From a technology standpoint, I think they are amazing machines.
The problem, of course, is that they are ridiculously expensive, which is why "open systems" (often meaning PCs running Windows or Linux, but also proprietary Unix system) have replaced mainframes in many places. In a way, I think it is fair to say that Google did something akin to what you propose. (I am told, that proprietary software for mainframes is actually so ridiculously expensive that the already-ridiculous cost of the hardware is not that much of a concern, actually.)
As for the buzzwords, if you find a place where you are safe from them, send me post card, I might move there, too. ;-)
It sure sounds pretty impressive from your description!
I'm sure these servers still find homes but the computing choices available today make boxes hard to sell IMO.
Mainframes are not my are of specialty, but it looks like this PDF, "IBM z/OS Multi-Site Business Continuity," has a lot of details:
Sounds like a lot, but it's cheaper than re-writing all the software you're running on your current Z10/Z11/Z12.
That's what we do anyway. Companies can run full capacity frame and not do the sub-capacity pricing, but that's a lot more up front. Better, IMO, to pay the monthly rate and spread the cash payments out over 5 years.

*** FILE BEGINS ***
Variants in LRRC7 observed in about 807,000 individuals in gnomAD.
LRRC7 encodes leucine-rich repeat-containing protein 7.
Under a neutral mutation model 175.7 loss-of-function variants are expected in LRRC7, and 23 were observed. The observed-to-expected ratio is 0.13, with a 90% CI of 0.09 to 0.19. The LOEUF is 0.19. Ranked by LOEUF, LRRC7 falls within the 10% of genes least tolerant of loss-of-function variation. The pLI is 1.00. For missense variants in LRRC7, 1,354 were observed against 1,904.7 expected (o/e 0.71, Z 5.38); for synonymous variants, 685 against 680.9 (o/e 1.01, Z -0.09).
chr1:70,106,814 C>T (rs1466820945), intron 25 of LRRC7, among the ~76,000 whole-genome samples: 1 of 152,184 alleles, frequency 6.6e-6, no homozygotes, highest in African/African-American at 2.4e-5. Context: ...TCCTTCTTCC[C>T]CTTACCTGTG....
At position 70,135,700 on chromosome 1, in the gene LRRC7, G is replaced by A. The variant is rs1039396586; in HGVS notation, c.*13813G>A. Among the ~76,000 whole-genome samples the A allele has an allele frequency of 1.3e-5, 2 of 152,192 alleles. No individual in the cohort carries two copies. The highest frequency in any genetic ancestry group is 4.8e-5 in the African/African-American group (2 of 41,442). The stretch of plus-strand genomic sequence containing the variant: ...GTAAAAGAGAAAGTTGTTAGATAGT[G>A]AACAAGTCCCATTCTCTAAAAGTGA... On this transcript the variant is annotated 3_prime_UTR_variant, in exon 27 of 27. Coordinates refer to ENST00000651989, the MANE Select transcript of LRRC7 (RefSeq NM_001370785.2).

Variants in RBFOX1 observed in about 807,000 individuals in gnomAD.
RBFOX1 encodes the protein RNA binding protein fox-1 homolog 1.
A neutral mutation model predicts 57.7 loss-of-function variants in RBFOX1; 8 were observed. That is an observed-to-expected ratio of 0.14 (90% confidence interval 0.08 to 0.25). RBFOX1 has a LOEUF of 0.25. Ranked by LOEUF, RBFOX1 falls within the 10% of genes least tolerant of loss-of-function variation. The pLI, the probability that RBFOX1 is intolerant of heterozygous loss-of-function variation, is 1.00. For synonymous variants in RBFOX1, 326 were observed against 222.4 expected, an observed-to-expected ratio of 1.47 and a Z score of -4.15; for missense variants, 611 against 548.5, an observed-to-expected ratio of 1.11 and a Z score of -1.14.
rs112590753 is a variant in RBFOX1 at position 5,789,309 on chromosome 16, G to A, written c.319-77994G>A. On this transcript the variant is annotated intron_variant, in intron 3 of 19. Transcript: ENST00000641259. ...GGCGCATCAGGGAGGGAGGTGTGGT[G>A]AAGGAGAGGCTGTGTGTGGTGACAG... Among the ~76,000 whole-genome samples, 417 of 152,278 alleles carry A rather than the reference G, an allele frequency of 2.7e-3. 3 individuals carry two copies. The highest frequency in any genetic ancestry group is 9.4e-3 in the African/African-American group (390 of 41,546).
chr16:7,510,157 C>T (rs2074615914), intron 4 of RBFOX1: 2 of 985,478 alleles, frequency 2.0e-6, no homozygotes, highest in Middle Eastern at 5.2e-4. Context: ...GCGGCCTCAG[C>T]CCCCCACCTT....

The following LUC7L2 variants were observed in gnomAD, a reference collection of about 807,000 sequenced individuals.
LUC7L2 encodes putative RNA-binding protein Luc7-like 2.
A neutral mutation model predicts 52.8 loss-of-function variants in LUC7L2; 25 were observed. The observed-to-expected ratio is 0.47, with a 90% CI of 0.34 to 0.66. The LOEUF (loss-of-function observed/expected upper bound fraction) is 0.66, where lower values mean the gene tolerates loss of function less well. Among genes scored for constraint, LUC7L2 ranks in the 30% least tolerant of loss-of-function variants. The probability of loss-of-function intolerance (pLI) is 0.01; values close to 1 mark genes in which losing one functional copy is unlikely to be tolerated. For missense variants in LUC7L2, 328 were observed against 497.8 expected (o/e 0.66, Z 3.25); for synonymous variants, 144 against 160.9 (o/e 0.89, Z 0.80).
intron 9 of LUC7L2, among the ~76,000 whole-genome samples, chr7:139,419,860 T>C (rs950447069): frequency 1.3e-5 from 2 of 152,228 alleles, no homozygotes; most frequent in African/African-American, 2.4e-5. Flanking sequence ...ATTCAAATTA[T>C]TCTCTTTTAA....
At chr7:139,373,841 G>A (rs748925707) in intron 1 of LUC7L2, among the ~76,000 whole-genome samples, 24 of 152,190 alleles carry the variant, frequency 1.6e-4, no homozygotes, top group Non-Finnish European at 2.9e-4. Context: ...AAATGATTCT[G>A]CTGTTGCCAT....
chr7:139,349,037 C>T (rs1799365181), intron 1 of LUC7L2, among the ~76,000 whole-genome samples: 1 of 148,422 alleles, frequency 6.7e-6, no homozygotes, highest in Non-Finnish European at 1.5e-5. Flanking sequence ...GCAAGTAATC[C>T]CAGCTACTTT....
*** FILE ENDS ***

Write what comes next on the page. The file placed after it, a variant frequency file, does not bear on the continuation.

It's further clouded by virtual x86 and Linux workloads which have a different billing scale.
They also do stuff like provide "free" DR hardware that can only be activated in the event of an emergency.
First question becomes, "So, you're a 2, 3 billion dollar company?"
It contains crystalline prose like this, something all technical manuals should aspire to:
"Digital technologies are driving major industry shifts, ushering in a new age. In the Cognitive EraTM1, it is either disrupting or being disrupted. Tomorrow’s disrupters will be organizations that can converge digital business with a new level of digital intelligence. A key in digital transformation is the ability to accelerate the innovation of new business (Internet of Things, Cognitive, and Virtual Reality), while keeping complexity in check."
The answer to your question, by the way, appears to be 'very'. You can have lots of processors and 32TB of RAM.
It features the next generation of IBM's CMOS mainframe technology, with a 10-core CPU chip using 14 nm silicon-on-insulator technology, and running at 5.2GHz, claimed to be the fastest processor in the industry. Each core has hardware accelerated encryption implementing a CP Assist for Cryptographic Function (CPACF). The CPU also has 1.5 times more on-chip cache per core compared to the z13. There can be up to 32TB of memory, three times the z13 maximum, and its IO is three times faster as well.
They are also built like a tank, and have so many levels of redudancy and reporting that if any component breaks in your machine they guarantee there won't be any downtime (and a technician is dispatched to fix it automatically). That includes things like CPU cache line bridges, complete cooling failures, storage failures, etc. Also they guarantee that every new version of the mainframe will not increase power consumption (which is absolutely insane).
Oh, and the bill will make you dizzy.
Really, it's the way that non-computer people think that all computers are but actually aren't because they aren't mainframes.
I can understand perfectly well why they kept JCL around, what I do not understand is why they have not come up with some successor.